The morning of October 29, 2018 saw chaos on the ITPL main road at Whitefield in Bengaluru, when the Gas Authority of India Ltd. (GAIL) natural gas pipeline sprung a leak in front of Decathlon during BMRCL operations. The Bengaluru Traffic Police tweeted that the traffic had been diverted to accommodate the repair teams. By 10 am, it was announced by the GAIL DGM Operations, Senthil Kumar that the leak was plugged. While there was a lot of talk about the traffic situation it caused, the accident raises several questions about safety and more importantly about what lies below Bangalore’s roads.
P Murugeshan, Executive Director, GAIL India Ltd, told this reporter that the leak was identified at around 7 am on Monday. “We have patrol teams in the area and they identified the leak because the methane, which in its pure form is an odourless gas, has been odorised. The team was strengthened with more experts rushing to the spot. The valve was isolated and vented immediately through the District Regulating Station (DRS) that was close by and the leak was plugged,” said the official.
AK Mathur, Executive Director, Whitefield -Byappanahalli stretch, BMRCL told this reporter that leak was identified at around five in the morning and the GAIL team immediately worked towards plugging the leak to ensure that disaster did not ensue.
Why wasn’t Metro aware of the gas pipeline?
The damaged distribution line which is a part of the mainline of Piped Natural Gas (PNG) from Dabhol to Bangalore running in a 30 km stretch between K R Puram and Hoskote covering areas around ITPL and beyond. The pipes are usually laid at a depth of 1.2 meters under the road. But this line ran about 3 meters below the road. “Since we do trench-less laying of pipes, this has gone a little deeper. But with regard to safety, the deeper the line is, the safer it stays because it doesn’t come in contact with anybody. However if the BMRCL had asked us, we would have told them there was a pipe there,” said Murugeshan.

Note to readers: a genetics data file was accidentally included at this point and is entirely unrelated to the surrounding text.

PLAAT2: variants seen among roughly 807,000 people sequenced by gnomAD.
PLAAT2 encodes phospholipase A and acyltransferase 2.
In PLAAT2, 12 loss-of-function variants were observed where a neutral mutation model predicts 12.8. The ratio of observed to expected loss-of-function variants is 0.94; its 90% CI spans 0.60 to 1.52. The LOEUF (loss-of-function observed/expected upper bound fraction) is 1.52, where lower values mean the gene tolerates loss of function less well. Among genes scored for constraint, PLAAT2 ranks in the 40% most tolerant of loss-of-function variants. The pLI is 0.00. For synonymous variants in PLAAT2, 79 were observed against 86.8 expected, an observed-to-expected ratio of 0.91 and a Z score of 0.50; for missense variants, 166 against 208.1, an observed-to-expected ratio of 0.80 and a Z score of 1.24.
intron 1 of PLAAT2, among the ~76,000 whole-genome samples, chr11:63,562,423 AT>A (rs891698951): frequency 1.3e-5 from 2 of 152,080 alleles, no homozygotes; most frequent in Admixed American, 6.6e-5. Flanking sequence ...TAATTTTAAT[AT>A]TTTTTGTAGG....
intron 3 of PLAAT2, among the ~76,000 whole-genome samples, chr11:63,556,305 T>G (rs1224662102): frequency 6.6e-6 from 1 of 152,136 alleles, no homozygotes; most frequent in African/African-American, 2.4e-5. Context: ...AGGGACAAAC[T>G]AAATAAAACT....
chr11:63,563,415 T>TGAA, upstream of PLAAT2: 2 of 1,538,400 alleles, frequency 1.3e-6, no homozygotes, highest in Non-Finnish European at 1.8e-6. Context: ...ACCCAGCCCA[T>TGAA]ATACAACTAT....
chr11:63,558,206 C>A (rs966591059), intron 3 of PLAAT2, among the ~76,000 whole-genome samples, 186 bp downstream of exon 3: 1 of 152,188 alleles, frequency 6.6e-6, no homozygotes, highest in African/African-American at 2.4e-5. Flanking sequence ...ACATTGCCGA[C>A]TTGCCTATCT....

Bangalore Metro Rail Corporation Ltd (BMRCL) however defended themselves. “Usually before we undertake any work on a stretch, we do ‘trenching’. It is done once before the Tendering and then the contractor does a second round a couple of months before he starts work. Trenching basically is about mapping all the utilities under the road stretch. We go as deep as 2.5 meters, find out what utilities exist under there, get in touch with the corresponding departments, reroute them as needed. In this case, the pipe was at a depth of about 3.1 meters and at the centre of the road. Every other stretch where there has been GAIL pipeline, they were laid on the side of the roads. We have no idea how this line made it to the centre of the road.” says Mathur.
The BMRCL official also added that despite all the precaution they take to map the utilities, since there is no centralised database for the networks, there are always surprises. “Sometimes even when we have the maps of the utilities network, they don’t match, because they aren’t updated to reflect new additions or rerouting” says Mathur.
There have been other examples of minor gas leaks in the GAIL pipeline in Sarjapur Road, but they never hit the headlines so far.
What is this pipeline and how safe is it?
The Dabhol – Bangalore Piped Natural Gas (PNG) runs through two states of Maharashtra and Karnataka for about 1,386km and connects South India to the national gas grid. It was commissioned in 2013 during the 8th Asia Gas Partnership Summit (AGPS). The damaged pipe is a distribution line that is part of the City Gas Distribution (CGD) Project to supply Piped Natural Gas (PNG) to replace the more expensive LPG. Methane which is main component of the PNG is highly inflammable and used in cooking and heating needs. The CGD is five year project, the first year seeing supply to ITPL and OBCL, Peenya, Kamalanagar, Hennur, BEL, BHEL, HSR Layout, Jindal and IISc.
What are the safety precautions and protocols? The pipeline is monitored online through pressure sensors to keep a check on leaks. The mainline pipe running through the Outer Ring Road is 18 inches wide and made of steel. The 5 inch pipes that pass through residential area is made of Medium density polyethylene. The pressure of gas which is 19 bar on the steel pipe that passes through ORR, is reduced to 4 bar when it passes through MDP pipe. This will be further regulated and reduced to 21 millibar when it enters the kitchens and it is safe enough. All the pipes except the one that enters the kitchen will be underground and safely guarded with protective structures.